A protein inside our immune system could be used as a “weapon” by scientists against a common bacteria that in extreme cases is responsible for causing deadly flesh-eating disease.
Scientists in a recently published report have found that this protein helps detect and warn against the potentially lethal bacteria, Clostridium perfringens.
Dr Anukriti Mathur, lead author from John Curtin School of Medical Research (JCSMR) at the Australian National University (ANU), told The Australia Today:
“My ultimate goal is to find ways to harness the power of the immune system which can help reduce the burden of infectious diseases.”
In 2022, Dr Mathur was awarded outstanding research for her PhD thesis, “Microbial Activators of the Inflammasome”. Her research focused on understanding how the innate immune system work to recognise bacterial toxins.
She is investigating molecular mechanisms of innate immune sensing in infectious diseases and colorectal cancer.
Dr Mathur says:
“We found the bacteria produces two toxins that act in different ways and attack the body using a two-pronged approach. The first toxin punches holes into the cell surface, while the other enters the cell and damages the cell’s internal structures.”
The Clostridium perfringens bacteria, in its benign form, scientists believe is a common cause of food poisoning. However, in severe cases, it’s also responsible for causing deadly infections, including gangrene.
The authors of the study describe NLRP3’s ability to detect these toxins using the analogy of a home security system “that also doubles up as a fire detector”.
Callum Kay, from JCSMR, adds:
“We found that NLRP3 acts in a similar way; the protein can become overactive and trigger a disproportionate response that causes more harm than good and can lead to sepsis, which can be life-threatening.”
By activating a defensive response, the ANU team discovered a previously unidentified role of the NLRP3 protein to become “over-activated” and improperly respond to Clostridium perfringens infection.
Scientists say that when this happens, the body’s safety mechanisms that are designed to protect us fail, leading to potentially deadly conditions such as sepsis.
The death rate of muscle necrosis, which is caused by Clostridium perfringens, remains alarmingly high, exceeding 50 per cent, Dr Mathur observes:
“By understanding the role NLRP3 plays in detecting these deadly toxins and the defensive mechanisms it activates to protect the body, we can start to develop new techniques that target the protein and ‘dampen’ its overactive response. This would not only help prevent the body from triggering extreme and potentially deadly reactions to infection, but it could also help us find new ways to outsmart the bacteria and potentially develop new treatments.”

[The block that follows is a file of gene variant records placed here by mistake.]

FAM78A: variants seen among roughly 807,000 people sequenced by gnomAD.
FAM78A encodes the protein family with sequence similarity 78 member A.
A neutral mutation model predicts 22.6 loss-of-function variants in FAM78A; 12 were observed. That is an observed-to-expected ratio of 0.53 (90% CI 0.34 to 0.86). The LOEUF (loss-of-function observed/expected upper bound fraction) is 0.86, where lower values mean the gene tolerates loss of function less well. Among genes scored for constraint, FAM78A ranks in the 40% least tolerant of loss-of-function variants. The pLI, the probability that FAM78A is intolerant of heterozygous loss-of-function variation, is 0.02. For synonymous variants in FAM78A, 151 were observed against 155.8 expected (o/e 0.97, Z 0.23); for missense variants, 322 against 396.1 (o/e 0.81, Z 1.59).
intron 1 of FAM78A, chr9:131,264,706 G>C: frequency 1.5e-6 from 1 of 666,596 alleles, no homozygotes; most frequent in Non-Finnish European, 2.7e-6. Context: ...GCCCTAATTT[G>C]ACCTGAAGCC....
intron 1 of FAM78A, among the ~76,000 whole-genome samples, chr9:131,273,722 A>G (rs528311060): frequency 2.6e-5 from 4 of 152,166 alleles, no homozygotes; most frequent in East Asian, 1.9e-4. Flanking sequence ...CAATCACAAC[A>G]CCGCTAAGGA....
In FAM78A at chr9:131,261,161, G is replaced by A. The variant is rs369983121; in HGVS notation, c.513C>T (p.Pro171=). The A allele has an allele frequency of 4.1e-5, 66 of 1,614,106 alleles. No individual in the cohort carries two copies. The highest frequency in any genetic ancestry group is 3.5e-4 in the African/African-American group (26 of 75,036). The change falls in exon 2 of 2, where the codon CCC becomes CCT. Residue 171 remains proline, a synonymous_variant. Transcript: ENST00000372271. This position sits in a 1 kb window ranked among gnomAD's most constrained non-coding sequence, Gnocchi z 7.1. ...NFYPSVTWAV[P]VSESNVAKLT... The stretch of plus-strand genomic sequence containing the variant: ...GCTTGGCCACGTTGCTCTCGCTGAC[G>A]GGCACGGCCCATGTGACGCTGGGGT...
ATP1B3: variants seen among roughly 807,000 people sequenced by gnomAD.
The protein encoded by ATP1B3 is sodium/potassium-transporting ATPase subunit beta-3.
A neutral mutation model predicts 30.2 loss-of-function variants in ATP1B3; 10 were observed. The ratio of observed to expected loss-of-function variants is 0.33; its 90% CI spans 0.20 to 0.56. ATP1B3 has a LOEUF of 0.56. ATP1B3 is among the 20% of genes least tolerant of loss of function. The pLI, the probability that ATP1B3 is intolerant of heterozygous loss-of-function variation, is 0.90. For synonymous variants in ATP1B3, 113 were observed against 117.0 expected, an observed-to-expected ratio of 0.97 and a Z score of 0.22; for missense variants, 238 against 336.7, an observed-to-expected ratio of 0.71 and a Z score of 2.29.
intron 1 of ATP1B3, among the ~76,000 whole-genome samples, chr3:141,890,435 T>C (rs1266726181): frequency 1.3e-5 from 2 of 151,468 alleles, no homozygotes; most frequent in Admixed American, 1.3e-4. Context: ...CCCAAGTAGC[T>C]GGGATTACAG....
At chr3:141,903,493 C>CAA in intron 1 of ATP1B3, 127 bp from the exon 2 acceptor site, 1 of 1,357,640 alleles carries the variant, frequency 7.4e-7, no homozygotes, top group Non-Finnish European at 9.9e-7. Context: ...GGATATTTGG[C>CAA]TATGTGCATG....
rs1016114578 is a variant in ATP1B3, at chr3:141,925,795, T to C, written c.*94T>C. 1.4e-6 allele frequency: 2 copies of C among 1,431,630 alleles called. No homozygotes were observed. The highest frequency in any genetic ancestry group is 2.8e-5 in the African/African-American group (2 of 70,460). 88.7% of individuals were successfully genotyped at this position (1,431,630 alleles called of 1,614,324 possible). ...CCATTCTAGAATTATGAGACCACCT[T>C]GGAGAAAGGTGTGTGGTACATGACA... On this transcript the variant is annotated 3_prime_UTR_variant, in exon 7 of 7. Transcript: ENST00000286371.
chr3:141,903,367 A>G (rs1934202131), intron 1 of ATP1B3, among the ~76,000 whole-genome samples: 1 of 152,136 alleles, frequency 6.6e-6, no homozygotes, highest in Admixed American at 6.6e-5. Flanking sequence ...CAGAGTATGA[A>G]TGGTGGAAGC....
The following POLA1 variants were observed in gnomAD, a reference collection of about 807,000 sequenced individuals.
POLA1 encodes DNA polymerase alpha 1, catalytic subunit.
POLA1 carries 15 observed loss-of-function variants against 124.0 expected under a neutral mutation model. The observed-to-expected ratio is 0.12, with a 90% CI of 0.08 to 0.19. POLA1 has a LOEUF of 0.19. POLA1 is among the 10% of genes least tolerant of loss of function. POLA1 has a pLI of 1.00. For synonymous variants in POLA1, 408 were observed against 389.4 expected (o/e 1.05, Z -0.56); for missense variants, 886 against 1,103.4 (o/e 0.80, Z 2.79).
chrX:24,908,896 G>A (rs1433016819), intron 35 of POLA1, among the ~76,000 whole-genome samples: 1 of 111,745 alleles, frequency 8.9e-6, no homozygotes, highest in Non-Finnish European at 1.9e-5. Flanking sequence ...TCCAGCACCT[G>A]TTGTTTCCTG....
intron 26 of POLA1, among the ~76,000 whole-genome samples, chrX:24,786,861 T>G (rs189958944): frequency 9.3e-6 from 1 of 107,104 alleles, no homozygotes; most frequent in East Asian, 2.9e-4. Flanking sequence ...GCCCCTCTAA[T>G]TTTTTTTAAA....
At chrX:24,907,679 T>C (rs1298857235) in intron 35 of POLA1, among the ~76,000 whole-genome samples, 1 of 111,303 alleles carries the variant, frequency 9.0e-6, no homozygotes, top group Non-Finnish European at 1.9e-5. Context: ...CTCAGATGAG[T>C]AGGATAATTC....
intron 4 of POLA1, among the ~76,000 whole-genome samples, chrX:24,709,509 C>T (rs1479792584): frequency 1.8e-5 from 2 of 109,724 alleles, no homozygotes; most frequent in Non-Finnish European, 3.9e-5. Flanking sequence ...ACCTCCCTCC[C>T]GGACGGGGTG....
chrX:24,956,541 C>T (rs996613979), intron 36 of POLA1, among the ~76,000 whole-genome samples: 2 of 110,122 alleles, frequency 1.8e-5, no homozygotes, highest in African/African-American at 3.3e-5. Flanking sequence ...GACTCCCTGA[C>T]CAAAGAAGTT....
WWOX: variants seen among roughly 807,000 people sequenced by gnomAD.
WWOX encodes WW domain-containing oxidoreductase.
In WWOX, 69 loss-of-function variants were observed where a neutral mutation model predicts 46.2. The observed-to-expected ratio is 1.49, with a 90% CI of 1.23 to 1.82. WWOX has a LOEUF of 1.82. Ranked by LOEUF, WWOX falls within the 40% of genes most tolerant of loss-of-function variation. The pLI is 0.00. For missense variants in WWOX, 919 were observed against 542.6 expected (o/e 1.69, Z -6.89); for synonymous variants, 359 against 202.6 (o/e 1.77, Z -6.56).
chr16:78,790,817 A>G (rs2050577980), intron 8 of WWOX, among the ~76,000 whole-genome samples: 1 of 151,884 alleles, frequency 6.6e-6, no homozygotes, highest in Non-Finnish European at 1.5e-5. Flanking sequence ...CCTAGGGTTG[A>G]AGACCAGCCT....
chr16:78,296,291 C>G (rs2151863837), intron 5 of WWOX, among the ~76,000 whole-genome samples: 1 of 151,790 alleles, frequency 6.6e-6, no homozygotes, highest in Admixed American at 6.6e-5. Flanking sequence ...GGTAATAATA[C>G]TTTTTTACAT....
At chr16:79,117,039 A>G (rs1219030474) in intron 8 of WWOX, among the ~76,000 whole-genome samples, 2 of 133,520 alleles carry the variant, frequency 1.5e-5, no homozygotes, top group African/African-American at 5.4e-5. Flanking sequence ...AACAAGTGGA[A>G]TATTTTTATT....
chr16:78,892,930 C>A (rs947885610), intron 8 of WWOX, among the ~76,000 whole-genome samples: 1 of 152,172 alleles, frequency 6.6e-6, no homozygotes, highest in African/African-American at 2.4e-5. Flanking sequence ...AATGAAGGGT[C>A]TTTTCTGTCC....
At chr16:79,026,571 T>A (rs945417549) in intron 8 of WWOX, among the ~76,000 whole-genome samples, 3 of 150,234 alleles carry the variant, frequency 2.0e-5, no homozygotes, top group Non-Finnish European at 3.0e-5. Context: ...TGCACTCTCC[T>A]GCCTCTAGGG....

The ANU scientists used drugs to dampen the immune system’s defensive response triggered by NLRP3. This helped them decipher the molecular mechanisms that cause the toxins to trigger the protein’s alarm system.
According to the researchers, by better understanding these mechanisms scientists can begin to uncover ways to develop new therapies to defeat the bacteria, for which current treatment options are limited and not very effective.
In 2022, Dr Anukriti Mathur, Professor Si Ming Man, and Professor Narci Teoh were granted $65,000 by Cancer Council ACT to lead a research project investigating how a previously identified DNA sensor protects against bowel cancer, the second leading cause of cancer-related deaths.
Dr Mathur wishes to empower and mentor young girls in the field of STEM:
“I have been privileged throughout my life with mentors and colleagues who have helped me grow and develop into an independent researcher that I am today. I believe that empowering and mentoring young girls is crucial to help them garner confidence and pursue their careers in STEM. As an academic supervisor,I have always tried to support, promote and motivate the next generation women scientists.”
Dr Mathur also hopes that her work can further narrow the gap in knowledge of the immune system and lead her to establish her innate immunology-focused laboratory that would foster Australia and India collaborations.
“In my opinion, a strong partnership between the two nations has an immense potential to bring breakthroughs in the areas of Science and Technology. The establishment of the Australia-India Strategic Research Fund is a great step for creating research collaboration and opportunities between the two nations. As an Indian-Australian researcher, such funding opportunities helped us to collaborate with bright minds of both nations in our quest to tackle global problems including anti-microbial resistance.”